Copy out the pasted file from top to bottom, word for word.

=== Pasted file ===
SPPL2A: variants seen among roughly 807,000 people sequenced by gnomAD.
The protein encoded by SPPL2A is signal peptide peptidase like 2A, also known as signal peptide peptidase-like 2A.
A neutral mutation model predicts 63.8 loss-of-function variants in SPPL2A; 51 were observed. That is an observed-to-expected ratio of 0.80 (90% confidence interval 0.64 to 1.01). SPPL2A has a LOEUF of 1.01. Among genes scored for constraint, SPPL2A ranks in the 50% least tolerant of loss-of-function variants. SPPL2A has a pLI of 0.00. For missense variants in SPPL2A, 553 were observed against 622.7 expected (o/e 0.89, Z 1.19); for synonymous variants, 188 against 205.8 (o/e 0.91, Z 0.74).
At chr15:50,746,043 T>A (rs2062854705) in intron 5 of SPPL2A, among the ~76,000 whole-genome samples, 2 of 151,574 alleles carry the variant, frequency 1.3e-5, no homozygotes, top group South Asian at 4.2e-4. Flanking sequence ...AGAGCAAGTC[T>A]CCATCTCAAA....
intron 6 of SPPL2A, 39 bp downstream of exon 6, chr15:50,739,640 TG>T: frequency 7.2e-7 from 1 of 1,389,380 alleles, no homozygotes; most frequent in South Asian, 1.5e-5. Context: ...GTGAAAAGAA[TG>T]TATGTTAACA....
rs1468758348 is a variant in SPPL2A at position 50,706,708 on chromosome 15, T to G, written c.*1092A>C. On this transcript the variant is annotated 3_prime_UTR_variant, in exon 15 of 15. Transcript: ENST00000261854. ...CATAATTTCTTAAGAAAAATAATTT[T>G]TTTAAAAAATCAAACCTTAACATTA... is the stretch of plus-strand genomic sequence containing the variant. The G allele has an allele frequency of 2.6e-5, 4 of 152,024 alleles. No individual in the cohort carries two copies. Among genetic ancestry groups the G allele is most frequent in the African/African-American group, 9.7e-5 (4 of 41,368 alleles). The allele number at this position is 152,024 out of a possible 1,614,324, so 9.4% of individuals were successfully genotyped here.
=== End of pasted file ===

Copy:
SPPL2A: variants seen among roughly 807,000 people sequenced by gnomAD.
The protein encoded by SPPL2A is signal peptide peptidase like 2A, also known as signal peptide peptidase-like 2A.
A neutral mutation model predicts 63.8 loss-of-function variants in SPPL2A; 51 were observed. That is an observed-to-expected ratio of 0.80 (90% confidence interval 0.64 to 1.01). SPPL2A has a LOEUF of 1.01. Among genes scored for constraint, SPPL2A ranks in the 50% least tolerant of loss-of-function variants. SPPL2A has a pLI of 0.00. For missense variants in SPPL2A, 553 were observed against 622.7 expected (o/e 0.89, Z 1.19); for synonymous variants, 188 against 205.8 (o/e 0.91, Z 0.74).
At chr15:50,746,043 T>A (rs2062854705) in intron 5 of SPPL2A, among the ~76,000 whole-genome samples, 2 of 151,574 alleles carry the variant, frequency 1.3e-5, no homozygotes, top group South Asian at 4.2e-4. Flanking sequence ...AGAGCAAGTC[T>A]CCATCTCAAA....
intron 6 of SPPL2A, 39 bp downstream of exon 6, chr15:50,739,640 TG>T: frequency 7.2e-7 from 1 of 1,389,380 alleles, no homozygotes; most frequent in South Asian, 1.5e-5. Context: ...GTGAAAAGAA[TG>T]TATGTTAACA....
rs1468758348 is a variant in SPPL2A at position 50,706,708 on chromosome 15, T to G, written c.*1092A>C. On this transcript the variant is annotated 3_prime_UTR_variant, in exon 15 of 15. Transcript: ENST00000261854. ...CATAATTTCTTAAGAAAAATAATTT[T>G]TTTAAAAAATCAAACCTTAACATTA... is the stretch of plus-strand genomic sequence containing the variant. The G allele has an allele frequency of 2.6e-5, 4 of 152,024 alleles. No individual in the cohort carries two copies. Among genetic ancestry groups the G allele is most frequent in the African/African-American group, 9.7e-5 (4 of 41,368 alleles). The allele number at this position is 152,024 out of a possible 1,614,324, so 9.4% of individuals were successfully genotyped here.